Prescott backs vision of rail network run by a handful of companies

Deputy PM says licences will be awarded to fewer operators, with speculation that Connex may be among the first to lose out
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The Independent Online

John Prescott made clear yesterday that a number of rail companies are likely to lose their franchises in response to the Hatfield crash.

John Prescott made clear yesterday that a number of rail companies are likely to lose their franchises in response to the Hatfield crash.

The Deputy Prime Minister's comments came amid speculation that Connex, owned by the French conglomerate Vivendi, could become the first casualty of renegotiation with its South Central commuter franchise going to the Govia group, part of the French state railway SNCF.

Sir Alastair Morton, chairman of the Shadow Strategic Rail Authority (SSRA), has proposed that just five rail companies should run 21 franchises, compared with the 10 that now operate 25.

As work began to remove the remaining carriages from the Hatfield derailment, Mr Prescott said that the renegotiation of franchises was beginning to reduce the number of operators in the industry as well as the "problems which have come from fragmentation.

"So there are less and less operators likely at the moment, and more likely to be reduced in the final stages of this renegotiation of these franchises," he said.

Bernard Jenkin, the Tory transport spokesman, said that the renegotiation of train company franchises was "completely in line" with the structure of privatisation that Mr Prescott inherited from the last Tory government. "Refranchising is effectively reprivatisation," he said.

Tom Winsor, the rail industry regulator, is today expected to announce a £5bn increase in Railtrack's funding over the next five years to modernise the network and improve safety standards.

The burden of funding improvements is likely to be split between the Government and train operating companies, with Railtrack given leeway to raise extra revenue from the railway industry.

The Health and Safety Executive is expected to report to the Deputy Prime Minister tomorrow on Railtrack's procedures, particularly relating to maintenance and whether the best safety practices are being operated across the system. "If they are not doing that, the agencies make a recommendation to me, and I have the authority to take the licence from Railtrack," said Mr Prescott.

Yesterday work to remove the wreckage from the scene of last Tuesday's disaster continued. The lead locomotive and two carriages were lifted on to low-loader trailers after being towed to Hatfield station. They will be transported to a Crewe depot for tests.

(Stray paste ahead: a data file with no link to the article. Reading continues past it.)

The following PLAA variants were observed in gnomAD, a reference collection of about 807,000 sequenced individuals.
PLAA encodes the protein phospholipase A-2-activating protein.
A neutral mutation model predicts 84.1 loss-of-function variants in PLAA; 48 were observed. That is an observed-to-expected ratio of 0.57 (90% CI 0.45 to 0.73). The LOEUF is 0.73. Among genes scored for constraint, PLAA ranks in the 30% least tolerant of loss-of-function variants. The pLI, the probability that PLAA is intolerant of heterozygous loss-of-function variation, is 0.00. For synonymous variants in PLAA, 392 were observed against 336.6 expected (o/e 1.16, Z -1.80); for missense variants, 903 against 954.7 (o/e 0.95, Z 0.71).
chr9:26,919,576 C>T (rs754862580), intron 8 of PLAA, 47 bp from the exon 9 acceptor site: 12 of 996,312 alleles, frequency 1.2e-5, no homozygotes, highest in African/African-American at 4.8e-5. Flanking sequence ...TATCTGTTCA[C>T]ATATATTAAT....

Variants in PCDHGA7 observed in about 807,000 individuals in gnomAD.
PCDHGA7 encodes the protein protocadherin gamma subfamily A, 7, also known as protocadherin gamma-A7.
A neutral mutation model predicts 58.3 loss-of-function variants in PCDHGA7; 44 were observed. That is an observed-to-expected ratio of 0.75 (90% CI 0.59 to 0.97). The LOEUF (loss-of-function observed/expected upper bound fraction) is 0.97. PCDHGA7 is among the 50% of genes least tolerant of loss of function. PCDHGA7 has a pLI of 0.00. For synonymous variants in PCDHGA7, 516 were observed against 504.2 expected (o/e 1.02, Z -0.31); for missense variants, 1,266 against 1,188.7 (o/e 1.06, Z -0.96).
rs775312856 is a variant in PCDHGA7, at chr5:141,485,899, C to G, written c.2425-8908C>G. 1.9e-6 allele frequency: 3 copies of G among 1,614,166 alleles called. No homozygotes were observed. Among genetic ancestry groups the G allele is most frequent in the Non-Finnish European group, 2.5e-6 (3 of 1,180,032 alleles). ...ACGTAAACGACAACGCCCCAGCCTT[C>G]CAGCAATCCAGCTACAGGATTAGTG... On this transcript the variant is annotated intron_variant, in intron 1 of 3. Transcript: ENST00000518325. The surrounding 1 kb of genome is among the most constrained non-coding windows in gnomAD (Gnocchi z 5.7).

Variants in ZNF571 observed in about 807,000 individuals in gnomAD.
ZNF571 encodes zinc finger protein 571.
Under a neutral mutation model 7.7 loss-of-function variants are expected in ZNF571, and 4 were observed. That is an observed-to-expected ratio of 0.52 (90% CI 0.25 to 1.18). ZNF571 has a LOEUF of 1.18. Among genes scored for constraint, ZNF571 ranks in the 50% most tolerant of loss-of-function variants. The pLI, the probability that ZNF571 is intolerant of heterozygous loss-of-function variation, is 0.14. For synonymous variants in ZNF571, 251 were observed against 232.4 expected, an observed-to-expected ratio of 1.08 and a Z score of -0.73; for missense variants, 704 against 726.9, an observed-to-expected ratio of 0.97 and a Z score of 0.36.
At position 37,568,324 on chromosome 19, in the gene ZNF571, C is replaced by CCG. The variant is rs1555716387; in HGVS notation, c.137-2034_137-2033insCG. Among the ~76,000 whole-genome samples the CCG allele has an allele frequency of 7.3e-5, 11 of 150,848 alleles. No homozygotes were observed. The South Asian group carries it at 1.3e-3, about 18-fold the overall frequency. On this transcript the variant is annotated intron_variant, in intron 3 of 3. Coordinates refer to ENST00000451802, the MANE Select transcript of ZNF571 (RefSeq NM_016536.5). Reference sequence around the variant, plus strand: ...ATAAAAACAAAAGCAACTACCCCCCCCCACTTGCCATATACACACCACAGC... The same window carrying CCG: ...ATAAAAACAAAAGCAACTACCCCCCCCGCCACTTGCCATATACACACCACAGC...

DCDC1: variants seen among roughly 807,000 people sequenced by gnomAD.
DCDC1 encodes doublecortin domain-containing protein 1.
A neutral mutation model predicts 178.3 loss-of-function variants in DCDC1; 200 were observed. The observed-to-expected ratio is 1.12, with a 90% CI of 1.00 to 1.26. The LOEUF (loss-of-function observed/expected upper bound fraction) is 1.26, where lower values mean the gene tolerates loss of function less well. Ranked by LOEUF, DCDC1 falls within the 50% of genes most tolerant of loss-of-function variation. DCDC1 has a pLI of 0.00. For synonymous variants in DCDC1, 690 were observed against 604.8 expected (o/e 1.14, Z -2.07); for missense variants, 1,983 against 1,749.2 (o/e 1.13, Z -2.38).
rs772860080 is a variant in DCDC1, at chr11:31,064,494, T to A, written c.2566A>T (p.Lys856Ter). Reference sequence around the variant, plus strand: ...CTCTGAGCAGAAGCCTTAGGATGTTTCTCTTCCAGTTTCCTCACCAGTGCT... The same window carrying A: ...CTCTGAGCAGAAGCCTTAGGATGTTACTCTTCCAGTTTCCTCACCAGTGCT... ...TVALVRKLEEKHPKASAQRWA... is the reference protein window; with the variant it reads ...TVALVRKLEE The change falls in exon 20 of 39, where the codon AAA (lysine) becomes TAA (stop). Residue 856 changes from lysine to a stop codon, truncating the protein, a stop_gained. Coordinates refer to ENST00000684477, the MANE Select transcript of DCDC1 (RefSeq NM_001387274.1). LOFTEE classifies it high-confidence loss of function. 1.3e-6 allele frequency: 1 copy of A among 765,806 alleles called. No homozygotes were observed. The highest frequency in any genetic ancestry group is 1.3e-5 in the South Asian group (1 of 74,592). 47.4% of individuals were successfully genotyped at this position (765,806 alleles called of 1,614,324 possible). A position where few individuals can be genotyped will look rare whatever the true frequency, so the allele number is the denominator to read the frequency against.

Technical experts were due to assess the crash site further before the three overturned carriages were lifted.

Four men died and 34 people were injured when the GNER London-Leeds Intercity 225 train derailed on a bend half a mile south of Hatfield. An interim report into the crash blamed a broken rail, stating that metal fatigue could have been a key factor. Railtrack has identified 81 trouble spots across the network that have "similar characteristics" to the track believed to have caused the Hatfield disaster.

A report by Booz Allen last year found that more than 2,000 miles of railway were not up to standard. It concluded that up to 11 per cent of track checked between 1994 and 1998 was below a satisfactory standard. Yet, at the current replacement rate, it would take 10 years to upgrade all the poor track. The report said many of the poor stretches of track were on high-speed routes.

Yesterday, at a memorial service, the people of Hatfield gathered to pay their respects to the four men who died and pray for those who had been injured. People affected by the derailment came together to light candles and say prayers at a special service conducted by the Rector of Hatfield, the Rev Richard Pyke.

For many of those who filed into the historic stone church of St Etheldreda, it was an opportunity to bring peace to a Hertfordshire town caught up in the tragedy.

"Many of our parishioners live near the railway lines so it has had a very immediate effect," said Mr Pyke.

They came to remember pilots Steve Arthur, 46, a father-of-two from Pease Pottage, West Sussex, and Robert Alcorn, 37, a New Zealander living in Bayswater, west London, who had just started a job piloting Mika Hakkinen, the Formula One racing driver. They also lit candles for Peter Monkhouse, 50, an advertising executive with three children from Headingley, Leeds, and Leslie Gray, 43, a solicitor from Tuxford, Nottinghamshire.

Yesterday Mr Prescott talked of strengthening the law of corporate manslaughter, a move that many victims of earlier tragedies have repeatedly sought. Any new legislation, however, could not be applied retrospectively.

Mr Prescott said the Government was consulting all the parties concerned. He was waiting to see what recommendations the Cullen inquiry into the Southall and Paddington rail crashes would make on the matter. "I hope by the spring of next year I will have them," he said. "And I hope that the Hatfield inquiry will have been completed to give him [Lord Cullen] further information on the matter of the culture of safety in the industry."

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